Q: Distance running is a test of endurance. Can you talk about the type of shape one has to be in to be a distance runner?

A: It’s not like any other sport. In track it’s both a mental and physical thing because you put yourself out there. You feel your whole nervous system shutting down because you are working so hard.


Q: How long have you been competing in track?

A: I have been competing since the seventh grade.


Q: Could you list a memorable moment that you have had while competing?

A: When I was a sophomore I won the Suburban One American Conference cross country title. That really sky-rocketed me to the mentality of working hard. When I crossed that finish line I realized I am a runner now, and that was kind of my track christening.

Q: Considering your love of history, will that be your major?

A: I will go in undeclared because I want to leave my options open. My mom’s side of the family has teachers so maybe I will minor in education. I would love to continue in track but you need something to fall back on.


Q: What got you into being a history buff?

A: My grandparents are history buffs and I am part of a history society. I spent a lot of time when I was young with my grandparents and I developed their love of history.


Q: How much do you train a week?

A: I am a low-mileage guy because in track I work a lot with the sprinters. Before cross country I may do five to six miles a day to build up a base.



Kelly Cross

Upper Dublin High School | Lacrosse

As a junior Cross was a first-team U.S. Lacrosse all-American. A three-time all-Suburban One League selection, Cross was named the No. 10 senior in the country by Inside Lacrosse in September. Cross was also a second-team all-state field hockey performer in the fall. She has earned a combination academic and lacrosse scholarship to the University of Syracuse, where her sister Amy just completed her sophomore season.


Question: What made you choose Syracuse?

Answer: I want to go into broadcasting and the Newhouse School of Communications is one of the best. That was a major factor. Plus my older sister Amy is there and the chance to play with her for two years is something I really wanted. It was a great experience playing with her in high school, so I wanted to do it again.


Q: You play for your mom, Dee, the successful head coach at Upper Dublin. How has that gone for you?

A: It’s been fun. I wouldn’t trade it for anything, and it’s so much fun play for her. It adds a little bit of pressure, but it’s been great.


Q: You are joining one of the top lacrosse programs in the country at Syracuse. What are your thoughts on the program?

A: They are making a name for themselves and going to the ACC (Atlantic Coast Conference) will be a huge step. It is very exciting.


Q: Last year you finished with 95 goals and 54 assists and you should finish with well above 200 career goals when all is said and done. That is some serious scoring.  

A: The goals I score wouldn’t happen without the rest of my team. We have a fun group of seniors and the kind of experience unlike any other.


Q: What was your best lacrosse moment?

A: Probably making it to states last year. … We had to beat North Penn in the second round to get to the states. Our team still talks about it. Nobody expected us to win even though we were only one seed below them. We were having so much fun out there and there was never a moment where we felt we were going to lose the game.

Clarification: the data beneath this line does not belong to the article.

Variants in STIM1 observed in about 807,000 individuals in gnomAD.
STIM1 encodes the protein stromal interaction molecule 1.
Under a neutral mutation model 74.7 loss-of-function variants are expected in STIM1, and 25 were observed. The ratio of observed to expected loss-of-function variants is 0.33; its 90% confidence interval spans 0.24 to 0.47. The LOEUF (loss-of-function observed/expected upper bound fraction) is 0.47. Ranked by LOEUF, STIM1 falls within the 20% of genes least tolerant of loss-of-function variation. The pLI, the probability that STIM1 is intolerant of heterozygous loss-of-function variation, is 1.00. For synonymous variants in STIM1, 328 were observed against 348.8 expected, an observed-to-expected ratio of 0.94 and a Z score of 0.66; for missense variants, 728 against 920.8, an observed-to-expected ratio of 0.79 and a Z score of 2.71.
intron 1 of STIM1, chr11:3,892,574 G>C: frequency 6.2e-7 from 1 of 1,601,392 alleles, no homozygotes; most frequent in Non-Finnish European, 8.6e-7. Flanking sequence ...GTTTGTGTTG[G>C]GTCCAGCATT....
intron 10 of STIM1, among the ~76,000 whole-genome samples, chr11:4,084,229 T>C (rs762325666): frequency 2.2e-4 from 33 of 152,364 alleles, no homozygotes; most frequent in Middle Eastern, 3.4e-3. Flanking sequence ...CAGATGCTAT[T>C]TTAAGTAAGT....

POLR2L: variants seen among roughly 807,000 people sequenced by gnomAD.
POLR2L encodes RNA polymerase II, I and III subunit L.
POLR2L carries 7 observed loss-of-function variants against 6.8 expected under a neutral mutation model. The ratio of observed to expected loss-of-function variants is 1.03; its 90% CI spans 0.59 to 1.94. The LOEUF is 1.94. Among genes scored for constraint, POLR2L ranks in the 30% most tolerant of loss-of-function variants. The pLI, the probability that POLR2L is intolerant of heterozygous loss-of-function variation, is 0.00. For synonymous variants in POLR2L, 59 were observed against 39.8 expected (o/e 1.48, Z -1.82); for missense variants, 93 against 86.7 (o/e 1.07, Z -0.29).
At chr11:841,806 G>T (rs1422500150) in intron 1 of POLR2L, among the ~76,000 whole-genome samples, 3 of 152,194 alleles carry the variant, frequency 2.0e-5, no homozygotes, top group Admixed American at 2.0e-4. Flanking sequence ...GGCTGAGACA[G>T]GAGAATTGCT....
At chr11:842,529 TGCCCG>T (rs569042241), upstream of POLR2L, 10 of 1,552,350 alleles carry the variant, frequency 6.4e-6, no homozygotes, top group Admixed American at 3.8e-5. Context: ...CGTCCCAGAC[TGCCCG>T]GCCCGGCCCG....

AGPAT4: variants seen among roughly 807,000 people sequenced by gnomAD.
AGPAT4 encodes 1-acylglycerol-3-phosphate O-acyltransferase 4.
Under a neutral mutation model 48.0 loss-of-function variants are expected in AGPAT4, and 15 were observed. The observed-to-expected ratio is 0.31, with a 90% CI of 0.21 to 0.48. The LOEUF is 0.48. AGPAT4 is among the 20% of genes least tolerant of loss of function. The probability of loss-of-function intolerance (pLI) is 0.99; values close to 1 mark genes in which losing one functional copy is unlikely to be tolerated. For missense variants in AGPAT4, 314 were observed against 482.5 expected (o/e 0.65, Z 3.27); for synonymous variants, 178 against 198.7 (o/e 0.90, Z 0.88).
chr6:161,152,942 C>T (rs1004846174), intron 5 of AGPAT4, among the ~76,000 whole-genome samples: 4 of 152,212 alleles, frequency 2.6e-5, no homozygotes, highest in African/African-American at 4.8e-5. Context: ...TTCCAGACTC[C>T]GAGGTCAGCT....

Q: You also have an older sister playing lacrosse at Shippensburg and a youngster sister who will be a freshman competing for Upper Dublin. If that isn’t a true lacrosse family, then I don’t know what is.

A: I think I was in first grade [when I first started playing]. I don’t remember a time when there was not a stick in my hand. I have three sisters and we all started young.


Q: Have you set any goals this year?

A: To make it back to the states. Last year we put our name on the map and we need to step it up and make sure we belong there again and that it was not a one-time thing.



Jake Drossner

Council Rock North | Baseball

The 6-foot-3, 195-pound lefthander is one of the top pitchers in the area after going 7-0 as a junior while representing his high school by pitching in the prestigious Carpenter Cup tournament. A fourth-year varsity performer, Drossner has accepted a baseball scholarship to the University of Maryland.


Question: Why Maryland?

Answer: Maryland was a great fit for me. … I also wanted to be in the ACC because it has some of the best baseball in the country and if you want to be the best, you have to compete against the best. Plus I liked the academic environment and believe I will receive a good degree.


Q: Do you have a major?

A: Maybe sports management but I probably will go in undecided.


Q: Are you a big sports fan?

A: Very big, especially when it comes to the Phillies who I have grown up watching.


Q: What is the best part of being a pitcher?

A: Having the ball in your hands all game. Controlling the game, doing that and helping your team win.


Q: You made your commitment to Maryland in the fall of your junior year. What was the recruiting process like?

A: The recruiting process was good. It was tough. It really hit me sophomore year when schools started to come. My dream was to always play collegiate baseball and when I saw that I had the opportunity, I was psyched and felt very fortunate to have offers from some great schools.


Q: Even though you have committed to Maryland, there is the chance that you could be selected this spring in the Major League Baseball First Year Player Draft. Do you think about this possibility?

A: Eventually I would love to play in the majors. Every kid growing up would like to play in the majors. I am not thinking about it much. I am concentrating on my high school senior year and having fun. There has been some interest from pro scouts and if it happens this year and I am lucky enough to have that chance, then I will look at everything.


Q: What best part of competing for Council Rock North?

A: The best thing is getting the opportunity to play for the school with the logo on the front and try to do good things for your school, your friends and family. It’s really a great opportunity to be able to represent your school.